Securitisation activity is resuming, five months after the Reserve Bank of India issued stringent guidelines that required financial institutions to hold loans for a minimum period before selling them away.
Financial institutions – mostly non-banking financial corporations (NBFCs) or microfinance institutions in India – that originate loans turn their loans into marketable securities through a process known as securitisation, under which a special purpose vehicle is created to issue these securities that are then sold to buyers.
“Since it requires originators to keep the assets for a minimum defined period, there was a pause in securitisation activity after the guidelines, during which period the originators accumulated assets. Activity levels have gradually resumed,” said Pawan Agrawal, senior director at Crisil Ratings.
Minimum holding period is now six months for NBFCs and three months for microfinance bodies. “The motivator is not the economics of securitisation but priority sector lending. Securitisation will go up this quarter because banks are still hungry for private sector portfolio,” said Vinod Kothari, author of ‘Securitisation: The Financial Instrument of the Future’.
However, the deal sizes are expected to go down with now only banks being interested in buying these tradable securities from NBFCs and microfinance companies to fulfill their priority sector lending target of 40% of overall lending. New RBI guidelines have deterred mutual funds, which were once very active in the market, because of uncertainty of the taxation on these instruments.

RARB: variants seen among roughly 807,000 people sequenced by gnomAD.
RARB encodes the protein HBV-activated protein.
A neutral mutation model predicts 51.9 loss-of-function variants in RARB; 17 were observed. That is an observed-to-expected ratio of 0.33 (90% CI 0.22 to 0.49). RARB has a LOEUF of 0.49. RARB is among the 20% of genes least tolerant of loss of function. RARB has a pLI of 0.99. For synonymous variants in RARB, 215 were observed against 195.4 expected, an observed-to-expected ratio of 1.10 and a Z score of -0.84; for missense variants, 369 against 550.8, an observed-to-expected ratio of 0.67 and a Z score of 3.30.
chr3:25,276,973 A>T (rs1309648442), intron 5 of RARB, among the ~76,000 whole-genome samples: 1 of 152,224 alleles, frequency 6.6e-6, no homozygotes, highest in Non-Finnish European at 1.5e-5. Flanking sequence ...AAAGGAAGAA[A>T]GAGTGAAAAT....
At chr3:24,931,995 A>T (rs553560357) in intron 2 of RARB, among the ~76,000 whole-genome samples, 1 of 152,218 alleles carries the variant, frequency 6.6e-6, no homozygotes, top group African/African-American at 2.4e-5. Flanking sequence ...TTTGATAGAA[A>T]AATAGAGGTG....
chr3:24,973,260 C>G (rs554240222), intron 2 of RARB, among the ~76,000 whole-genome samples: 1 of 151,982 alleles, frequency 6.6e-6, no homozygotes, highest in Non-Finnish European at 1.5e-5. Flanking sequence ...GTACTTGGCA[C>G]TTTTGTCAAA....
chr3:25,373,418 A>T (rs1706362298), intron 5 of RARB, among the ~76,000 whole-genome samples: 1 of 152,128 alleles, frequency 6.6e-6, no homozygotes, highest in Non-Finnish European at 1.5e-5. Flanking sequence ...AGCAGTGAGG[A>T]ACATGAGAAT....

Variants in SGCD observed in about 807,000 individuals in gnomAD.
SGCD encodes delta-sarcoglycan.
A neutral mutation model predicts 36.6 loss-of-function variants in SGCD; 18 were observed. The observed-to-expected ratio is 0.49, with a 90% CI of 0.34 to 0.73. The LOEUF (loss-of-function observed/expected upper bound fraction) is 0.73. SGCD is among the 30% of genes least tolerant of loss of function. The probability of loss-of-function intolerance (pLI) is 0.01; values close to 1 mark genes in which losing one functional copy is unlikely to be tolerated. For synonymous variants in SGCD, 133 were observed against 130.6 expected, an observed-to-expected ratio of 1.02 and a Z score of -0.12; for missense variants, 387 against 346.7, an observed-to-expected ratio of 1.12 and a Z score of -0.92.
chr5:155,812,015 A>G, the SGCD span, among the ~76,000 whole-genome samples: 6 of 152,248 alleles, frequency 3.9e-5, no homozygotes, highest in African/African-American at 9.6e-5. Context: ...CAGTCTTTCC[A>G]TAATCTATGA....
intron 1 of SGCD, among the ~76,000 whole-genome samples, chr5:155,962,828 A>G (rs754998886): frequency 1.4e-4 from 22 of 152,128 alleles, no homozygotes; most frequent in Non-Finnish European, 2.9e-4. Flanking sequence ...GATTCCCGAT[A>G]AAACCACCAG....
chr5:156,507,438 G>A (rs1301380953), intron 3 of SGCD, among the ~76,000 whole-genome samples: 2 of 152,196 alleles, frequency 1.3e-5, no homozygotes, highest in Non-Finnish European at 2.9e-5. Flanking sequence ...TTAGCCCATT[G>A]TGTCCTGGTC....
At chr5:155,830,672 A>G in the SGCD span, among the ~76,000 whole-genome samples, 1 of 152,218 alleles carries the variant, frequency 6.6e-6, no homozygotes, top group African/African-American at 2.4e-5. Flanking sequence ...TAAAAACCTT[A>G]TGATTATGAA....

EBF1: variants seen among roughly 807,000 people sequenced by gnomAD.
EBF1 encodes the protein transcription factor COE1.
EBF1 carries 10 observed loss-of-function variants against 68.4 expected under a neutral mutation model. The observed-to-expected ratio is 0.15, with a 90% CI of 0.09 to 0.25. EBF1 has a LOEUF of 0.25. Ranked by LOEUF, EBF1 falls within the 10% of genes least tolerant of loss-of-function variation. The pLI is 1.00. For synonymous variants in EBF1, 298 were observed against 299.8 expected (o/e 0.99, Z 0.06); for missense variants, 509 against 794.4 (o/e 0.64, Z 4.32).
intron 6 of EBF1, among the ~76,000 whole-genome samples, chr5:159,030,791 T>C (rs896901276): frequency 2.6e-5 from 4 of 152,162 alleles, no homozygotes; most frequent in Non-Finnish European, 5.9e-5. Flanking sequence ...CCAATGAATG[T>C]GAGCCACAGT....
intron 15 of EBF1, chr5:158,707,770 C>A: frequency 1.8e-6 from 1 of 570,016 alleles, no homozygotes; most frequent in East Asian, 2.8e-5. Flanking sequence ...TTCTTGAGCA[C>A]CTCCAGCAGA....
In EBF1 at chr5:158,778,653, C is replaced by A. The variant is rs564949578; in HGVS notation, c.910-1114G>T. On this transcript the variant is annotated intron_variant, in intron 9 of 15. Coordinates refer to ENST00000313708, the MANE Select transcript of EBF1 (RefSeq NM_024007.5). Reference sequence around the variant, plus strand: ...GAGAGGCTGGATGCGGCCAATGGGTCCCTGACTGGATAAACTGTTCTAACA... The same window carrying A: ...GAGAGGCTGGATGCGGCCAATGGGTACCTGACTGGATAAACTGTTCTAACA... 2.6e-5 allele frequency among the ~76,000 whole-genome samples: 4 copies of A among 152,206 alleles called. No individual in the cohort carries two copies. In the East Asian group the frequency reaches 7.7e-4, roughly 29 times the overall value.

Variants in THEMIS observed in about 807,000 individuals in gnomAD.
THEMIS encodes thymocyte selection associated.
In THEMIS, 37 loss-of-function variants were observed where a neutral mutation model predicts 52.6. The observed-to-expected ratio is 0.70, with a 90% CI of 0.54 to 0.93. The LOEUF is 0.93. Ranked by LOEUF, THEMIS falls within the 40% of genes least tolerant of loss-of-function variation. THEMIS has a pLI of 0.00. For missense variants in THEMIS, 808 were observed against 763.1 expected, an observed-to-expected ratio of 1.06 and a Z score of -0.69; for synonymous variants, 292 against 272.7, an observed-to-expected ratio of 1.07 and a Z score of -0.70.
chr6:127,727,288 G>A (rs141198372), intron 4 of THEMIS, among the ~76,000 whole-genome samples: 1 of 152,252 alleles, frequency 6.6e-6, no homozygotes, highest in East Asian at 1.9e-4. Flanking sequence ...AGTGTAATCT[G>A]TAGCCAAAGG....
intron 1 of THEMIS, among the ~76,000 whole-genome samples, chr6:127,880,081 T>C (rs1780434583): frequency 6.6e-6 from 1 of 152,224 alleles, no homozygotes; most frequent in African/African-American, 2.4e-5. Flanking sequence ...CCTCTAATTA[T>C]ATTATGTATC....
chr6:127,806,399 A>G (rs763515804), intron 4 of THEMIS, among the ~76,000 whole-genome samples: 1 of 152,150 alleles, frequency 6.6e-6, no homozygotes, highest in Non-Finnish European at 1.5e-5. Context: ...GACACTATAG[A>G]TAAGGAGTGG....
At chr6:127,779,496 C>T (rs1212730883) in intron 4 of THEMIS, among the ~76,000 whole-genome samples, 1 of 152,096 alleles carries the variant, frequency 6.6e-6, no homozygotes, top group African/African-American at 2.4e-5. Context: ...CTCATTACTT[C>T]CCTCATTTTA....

The proportion of microfinance institutions transactions in total number of securitisation transactions has increased to 40% in the current fiscal (till end-October 2012), from about 33% in fiscal 2012, according to the Crisil data.
“Deal sizes will go down because there is more priority sector lending focus now. Deals sizes are always smaller is priority sector and larger in non-priority sector. There was very little securitisation of non-priority sector lending in first six months,” said Srei Equipment Finance’s CEO D K Vyas.
Foreign banks are expected to participate more in buying loans from NBFCs and microfinance institutions to comply with the priority sector requirements.